The ministerial committee was headed by Maritime Affairs Minister Ali Zaidi.

“In the larger national interest, the 6th population and housing census 2017 should be accepted as final — although there are reservations on the said census,” according to the ministerial committee’s recommendation to the federal cabinet seen by The Express Tribune.

The ministerial committee also recommended that the next census should be held at the earliest time, which may be determined after input from the stakeholders, and may be held before the lapse of 10 years from the date of the 6th population and housing census 2017.

The committee’s third recommendation was that the “use of technology should be ensured in order to remove doubts, concerns that were expressed in respect of 6th population and housing census and the same do not reoccur”.

It had recommended that a committee may be constituted under the Ministry of Information Technology comprising members from Nadra, the Election Commission of Pakistan, Pakistan Bureau of Statistics, with the mandate to suggest optimum use of technology to achieve objectives of census reflecting ground realities”, according to ministerial committee.

But the committee has been set up under the planning ministry and it does not have representation of the Election Commission of Pakistan.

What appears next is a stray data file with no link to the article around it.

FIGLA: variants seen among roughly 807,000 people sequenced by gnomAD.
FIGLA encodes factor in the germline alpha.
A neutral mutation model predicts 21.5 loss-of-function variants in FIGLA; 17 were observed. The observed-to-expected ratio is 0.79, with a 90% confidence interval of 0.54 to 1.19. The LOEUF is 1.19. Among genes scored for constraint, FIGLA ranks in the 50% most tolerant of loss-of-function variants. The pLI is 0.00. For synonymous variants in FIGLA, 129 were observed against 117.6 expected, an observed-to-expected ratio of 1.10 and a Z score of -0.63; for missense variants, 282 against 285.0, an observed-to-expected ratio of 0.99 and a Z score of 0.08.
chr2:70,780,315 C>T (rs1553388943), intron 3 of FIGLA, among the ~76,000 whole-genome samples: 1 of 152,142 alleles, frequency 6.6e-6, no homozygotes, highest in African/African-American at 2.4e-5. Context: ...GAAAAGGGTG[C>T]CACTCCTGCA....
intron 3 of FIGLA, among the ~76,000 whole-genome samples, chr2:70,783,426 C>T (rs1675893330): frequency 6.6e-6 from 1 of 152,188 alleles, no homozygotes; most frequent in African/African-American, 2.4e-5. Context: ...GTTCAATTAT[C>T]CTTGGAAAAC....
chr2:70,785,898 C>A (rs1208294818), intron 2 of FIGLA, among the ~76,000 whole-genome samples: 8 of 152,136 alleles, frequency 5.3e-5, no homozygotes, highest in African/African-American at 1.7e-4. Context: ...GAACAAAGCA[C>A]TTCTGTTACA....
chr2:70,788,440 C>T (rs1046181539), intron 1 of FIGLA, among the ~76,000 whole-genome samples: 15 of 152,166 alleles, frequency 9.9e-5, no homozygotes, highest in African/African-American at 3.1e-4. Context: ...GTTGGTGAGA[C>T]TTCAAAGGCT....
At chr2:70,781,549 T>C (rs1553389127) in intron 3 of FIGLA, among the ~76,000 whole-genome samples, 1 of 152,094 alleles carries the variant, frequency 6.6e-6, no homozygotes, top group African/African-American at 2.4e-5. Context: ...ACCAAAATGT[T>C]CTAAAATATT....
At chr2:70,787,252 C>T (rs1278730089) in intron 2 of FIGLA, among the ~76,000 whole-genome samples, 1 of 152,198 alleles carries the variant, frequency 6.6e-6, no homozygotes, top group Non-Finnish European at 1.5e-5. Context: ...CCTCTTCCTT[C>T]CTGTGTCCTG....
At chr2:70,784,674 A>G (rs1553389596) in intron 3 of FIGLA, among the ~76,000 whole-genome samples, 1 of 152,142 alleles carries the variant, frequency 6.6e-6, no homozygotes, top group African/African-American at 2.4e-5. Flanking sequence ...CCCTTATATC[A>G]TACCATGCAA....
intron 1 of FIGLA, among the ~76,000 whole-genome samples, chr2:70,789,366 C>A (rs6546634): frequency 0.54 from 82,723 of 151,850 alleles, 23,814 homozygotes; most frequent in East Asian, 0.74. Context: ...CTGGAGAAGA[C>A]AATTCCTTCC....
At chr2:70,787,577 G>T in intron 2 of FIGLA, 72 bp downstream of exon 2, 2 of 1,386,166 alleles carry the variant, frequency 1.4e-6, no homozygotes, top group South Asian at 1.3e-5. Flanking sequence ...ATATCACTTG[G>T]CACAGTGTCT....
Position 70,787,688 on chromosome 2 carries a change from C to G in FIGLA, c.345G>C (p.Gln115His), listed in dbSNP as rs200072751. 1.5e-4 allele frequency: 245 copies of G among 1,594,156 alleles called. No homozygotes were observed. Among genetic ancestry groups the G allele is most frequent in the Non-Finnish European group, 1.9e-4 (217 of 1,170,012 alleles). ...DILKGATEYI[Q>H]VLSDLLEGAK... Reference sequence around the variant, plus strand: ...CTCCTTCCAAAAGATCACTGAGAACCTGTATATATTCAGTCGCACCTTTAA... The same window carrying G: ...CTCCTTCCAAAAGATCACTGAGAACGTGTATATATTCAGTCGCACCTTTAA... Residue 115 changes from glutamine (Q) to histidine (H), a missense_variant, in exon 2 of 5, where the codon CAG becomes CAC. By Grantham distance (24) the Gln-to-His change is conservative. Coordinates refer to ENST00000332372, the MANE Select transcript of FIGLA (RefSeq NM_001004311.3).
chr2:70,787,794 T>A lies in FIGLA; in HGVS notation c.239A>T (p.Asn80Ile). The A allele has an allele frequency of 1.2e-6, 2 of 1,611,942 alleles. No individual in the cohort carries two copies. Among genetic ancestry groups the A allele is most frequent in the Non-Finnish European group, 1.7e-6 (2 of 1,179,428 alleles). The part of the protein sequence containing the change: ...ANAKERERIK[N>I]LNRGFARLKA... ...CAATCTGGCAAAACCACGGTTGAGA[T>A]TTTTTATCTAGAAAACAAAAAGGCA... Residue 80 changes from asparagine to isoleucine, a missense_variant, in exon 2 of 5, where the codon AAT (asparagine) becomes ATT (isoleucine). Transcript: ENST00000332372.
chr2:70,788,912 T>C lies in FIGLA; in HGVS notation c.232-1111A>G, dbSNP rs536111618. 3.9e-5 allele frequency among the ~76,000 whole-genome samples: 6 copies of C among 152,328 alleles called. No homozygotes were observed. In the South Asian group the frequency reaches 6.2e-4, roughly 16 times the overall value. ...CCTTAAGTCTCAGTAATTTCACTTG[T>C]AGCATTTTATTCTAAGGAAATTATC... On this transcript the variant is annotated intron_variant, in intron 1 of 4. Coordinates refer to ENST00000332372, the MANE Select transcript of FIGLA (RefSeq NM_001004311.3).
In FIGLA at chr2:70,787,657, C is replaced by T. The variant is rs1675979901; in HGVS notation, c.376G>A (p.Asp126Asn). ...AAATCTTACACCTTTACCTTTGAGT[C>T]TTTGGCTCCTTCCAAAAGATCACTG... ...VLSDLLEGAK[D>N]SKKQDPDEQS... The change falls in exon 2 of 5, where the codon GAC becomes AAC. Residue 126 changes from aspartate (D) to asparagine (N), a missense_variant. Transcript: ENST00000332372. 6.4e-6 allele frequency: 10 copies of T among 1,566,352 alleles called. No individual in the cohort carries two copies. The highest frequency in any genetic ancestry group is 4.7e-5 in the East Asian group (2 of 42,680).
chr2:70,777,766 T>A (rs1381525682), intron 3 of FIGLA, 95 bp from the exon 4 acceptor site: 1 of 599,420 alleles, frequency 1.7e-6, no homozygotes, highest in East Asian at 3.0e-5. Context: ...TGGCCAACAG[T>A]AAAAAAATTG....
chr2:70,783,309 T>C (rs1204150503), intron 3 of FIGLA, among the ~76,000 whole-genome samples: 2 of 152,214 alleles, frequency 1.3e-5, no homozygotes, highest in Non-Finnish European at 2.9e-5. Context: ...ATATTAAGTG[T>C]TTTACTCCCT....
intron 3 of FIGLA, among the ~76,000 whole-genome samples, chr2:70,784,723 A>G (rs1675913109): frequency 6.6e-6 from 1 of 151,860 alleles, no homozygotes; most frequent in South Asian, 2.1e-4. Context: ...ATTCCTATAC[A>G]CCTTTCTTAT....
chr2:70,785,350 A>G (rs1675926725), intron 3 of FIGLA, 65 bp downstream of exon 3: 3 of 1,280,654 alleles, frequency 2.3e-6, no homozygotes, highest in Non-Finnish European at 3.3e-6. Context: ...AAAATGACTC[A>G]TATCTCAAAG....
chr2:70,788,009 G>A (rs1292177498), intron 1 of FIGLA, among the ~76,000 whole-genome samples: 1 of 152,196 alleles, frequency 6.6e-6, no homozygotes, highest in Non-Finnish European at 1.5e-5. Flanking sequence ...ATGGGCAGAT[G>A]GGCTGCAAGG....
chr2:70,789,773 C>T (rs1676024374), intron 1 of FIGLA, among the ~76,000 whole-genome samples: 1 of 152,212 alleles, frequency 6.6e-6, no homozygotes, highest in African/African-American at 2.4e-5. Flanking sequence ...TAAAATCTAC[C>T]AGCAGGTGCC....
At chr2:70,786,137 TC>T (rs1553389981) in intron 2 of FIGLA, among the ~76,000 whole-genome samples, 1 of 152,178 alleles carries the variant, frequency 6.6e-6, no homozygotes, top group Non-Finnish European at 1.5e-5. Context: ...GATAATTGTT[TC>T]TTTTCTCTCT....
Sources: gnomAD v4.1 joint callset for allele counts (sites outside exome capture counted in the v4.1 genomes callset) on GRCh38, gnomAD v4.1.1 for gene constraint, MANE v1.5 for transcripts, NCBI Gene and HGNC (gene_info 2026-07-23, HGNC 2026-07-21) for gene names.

Sindh Reservations

According to provisional results, Pakistan’s population surged to a staggering 207.8 million, showing an increase of 75.4 million people in 19 years.

The population was just over 130 million in 1998, the year when the 5th census was conducted. This means the country has seen a 57% increase in the population at an annual rate of 2.4%.

The majority of the people – 52.9% to be precise – still live in Punjab, but its share in the population pie has declined when compared with the 1998 census results.

Balochistan and Khyber-Pakhtunkhwa are the beneficiaries of the reduction in Punjab’s share, as Sindh’s share in the total population remains unchanged – at 23%.

Sindh is the most urbanised province having 52.02% population in urban areas — a result that could disturb rural-urban quotas of the provincial assembly seats and jobs.

Of the total urban population of the province, 68% is concentrated in three major cities – Karachi, Hyderabad and Sukkur.

Sindh-based political parties raised objections on provisional results, maintaining that Karachi’s population was more than 20 million people while the census showed it at 14.9 million people.

Provisional results of the sixth Population Census showed that in the past 19 years, there was a 60% increase in Karachi’s population, compared with a 116% increase in Lahore’s population, which rose to 11.126 million people by 2017, showed the results.

Lahore also witnessed the highest growth rate in Pakistan followed by Peshawar (100.4%) and Islamabad (91.8%).

However, the then Chief Census Commissioner Asif Bajwa had said that the PBS had counted Karachi’s population “as per urban areas notified by the provincial government”. He had said that except for seven Mozas, Karachi urban boundaries remained unchanged since 1998.

Bajwa had maintained that two surveys of the United Nations also supported Karachi’s provisional population results of 14.91 million.

The UN’s World Urbanisation Report showed Karachi’s population to be 16.12 million, said Bajwa.